Microdochium Patch Big Threat to Greens

Wet autumns can set us up for a nasty year of microdochium patch starting in the spring. Save your greens by scouting early. Heavy rainfall in the fall can make it difficult for golf course superintendents to get a proper fungicide application before grass went into full dormancy. Precipitation can often affect contact fungicides more than systemics. Even if you did squeeze in a spray, the heavy rains that followed could compromise the longevity of the fungicide applications come spring.

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Identifying microdochium patch

Microdochium patch, also known as fusarium patch or pink snow mould, appears as small, circular dead spots (up to several inches in diameter). The spots are often slightly pink with fluffy white mycelia evident in the early morning. The fungus can survive on plant debris and cover dead plant tissue with pink spore masses. It becomes more difficult to identify as the season progresses but early in the spring it’s easier to see as it’s one of the only diseases you’re facing.

As microdochium patch is one of the first diseases to show up in April and May, it’s best controlled in the fall with a preventive application. It can be tough to get a sprayer out on the course in a cold and wet spring.

Wet autum weather can make it very difficult to spary. It’s estimated that more than 50 per cent of golf courses in Eastern Canada could be facing heavy microdochium patch pressure this spring. Superintendents need to pay special attention when scouting. A microdochium patch outbreak on golf greens can be especially devastating.

A wet, cool spring won’t help

In wet spring conditions where the daytime temperature stays between 7 C and 20 C the disease can explode, especially when it’s overcast, foggy or wet. The disease especially likes shaded or poorly drained areas.

If you see microdochium patch at the end of March and early April, you may have to pull the trigger on a clean-up or preventive fungicide application earlier than you’d planned. Once it catches hold, it can be difficult to get rid of microdochium patch, and it can take a long time for the turf to grow out of disease. Often the turf won’t heal until later in May.

You find microdochium patch. Now what?

Getting the leaf tissue dry helps reduce disease pressure. Try dew whipping and rolling when conditions allow you to get out on the course. Reducing the amount of thatch helps too.

If you’re facing significant pressure and it’s still less than 7 C daytime temperatures, spray should include a quality DMI formulation fungicide as it will perform faster than other chemistry classes such as SDHI or QoI fungicides alone.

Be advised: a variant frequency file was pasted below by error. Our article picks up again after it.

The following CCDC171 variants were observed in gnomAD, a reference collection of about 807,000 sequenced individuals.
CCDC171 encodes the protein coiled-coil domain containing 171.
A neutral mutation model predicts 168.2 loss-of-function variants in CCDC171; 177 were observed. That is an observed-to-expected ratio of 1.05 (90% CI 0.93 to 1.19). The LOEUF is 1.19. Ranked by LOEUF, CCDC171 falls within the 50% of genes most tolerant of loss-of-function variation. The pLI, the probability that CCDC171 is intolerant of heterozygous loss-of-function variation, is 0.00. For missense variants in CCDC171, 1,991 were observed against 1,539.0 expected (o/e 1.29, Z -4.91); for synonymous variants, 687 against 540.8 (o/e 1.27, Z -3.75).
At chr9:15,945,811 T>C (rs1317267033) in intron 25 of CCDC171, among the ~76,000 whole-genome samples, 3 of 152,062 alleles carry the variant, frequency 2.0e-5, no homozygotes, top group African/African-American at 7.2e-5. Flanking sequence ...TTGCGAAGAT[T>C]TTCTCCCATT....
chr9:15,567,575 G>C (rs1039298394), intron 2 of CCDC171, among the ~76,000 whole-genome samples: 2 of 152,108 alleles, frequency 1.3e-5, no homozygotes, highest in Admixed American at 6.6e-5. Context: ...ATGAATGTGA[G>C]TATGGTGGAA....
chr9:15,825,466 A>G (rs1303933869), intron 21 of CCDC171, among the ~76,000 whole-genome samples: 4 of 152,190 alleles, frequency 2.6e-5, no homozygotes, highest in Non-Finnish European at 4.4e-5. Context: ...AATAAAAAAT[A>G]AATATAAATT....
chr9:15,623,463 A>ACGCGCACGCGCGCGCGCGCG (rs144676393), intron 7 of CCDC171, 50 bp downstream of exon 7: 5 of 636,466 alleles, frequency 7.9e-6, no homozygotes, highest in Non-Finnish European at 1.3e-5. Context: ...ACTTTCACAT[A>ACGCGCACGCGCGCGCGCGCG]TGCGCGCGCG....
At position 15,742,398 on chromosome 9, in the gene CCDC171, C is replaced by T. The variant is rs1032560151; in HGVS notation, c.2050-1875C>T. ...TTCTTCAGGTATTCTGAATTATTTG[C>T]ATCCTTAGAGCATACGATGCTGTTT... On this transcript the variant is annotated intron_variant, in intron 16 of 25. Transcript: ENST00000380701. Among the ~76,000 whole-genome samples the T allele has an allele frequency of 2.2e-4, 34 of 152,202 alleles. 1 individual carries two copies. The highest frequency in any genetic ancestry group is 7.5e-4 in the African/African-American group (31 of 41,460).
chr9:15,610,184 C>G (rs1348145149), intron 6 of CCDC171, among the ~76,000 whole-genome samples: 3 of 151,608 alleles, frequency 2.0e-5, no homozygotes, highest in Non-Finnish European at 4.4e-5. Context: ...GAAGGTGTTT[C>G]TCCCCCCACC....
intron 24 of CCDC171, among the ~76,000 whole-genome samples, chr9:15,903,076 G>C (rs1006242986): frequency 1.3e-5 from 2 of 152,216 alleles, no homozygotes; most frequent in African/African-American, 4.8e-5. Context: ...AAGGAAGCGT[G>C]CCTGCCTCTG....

Dedicate® Stressgard® Formulation Technology provides excellent preventive and curative activity on microdochium patch. Dedicate can also help turf recover from pink snow mould damage following snow melt.

Dedicate Stressgard at 32-64 mL per 100 sq. m can be used as a preventive or early curative treatment. In very early curative situations when temperatures are below 4 C with high disease pressure, tank-mixing Dedicate Stressgard with a contact fungicide (such as chlorothalonil) can help protect the plant while breaking dormancy and facilitating DMI uptake into plant. Rotate applications with non-dicarboximide or SDHI fungicide products when multiple applications are used in the season for microdochium patch control to discourage resistance development.

Once it’s above 4 C, Dedicate Stressgard already combines a high quality DMI with a QoI for enhanced protection.

Patience pays

If you have a big outbreak of microdochium patch in the spring, the plant won’t be metabolizing enough to recover. What would normally take a plant three to four days to grow through could take three to four weeks.

Your inclination might be to reapply a fungicide within a few days when you don’t see any results. Don’t do it. Wait.

The same goes for fertilizer. Balanced fertility is key to managing microdochium patch. If you try and help the turf grow out of the disease pressure with fertilizer, all the nitrogen in the soil will explode and cause more problems when the temperature finally does start to spike.

ALWAYS READ AND FOLLOW PESTICIDE LABEL DIRECTIONS. Envu, the Envu logo, Signature® XTRA Stressgard®, Dedicate® Stressgard®, Banol® and Stressgard® Formulation Technology are trademarks owned by Environmental Science U.S. LLC. or one of its affiliates.
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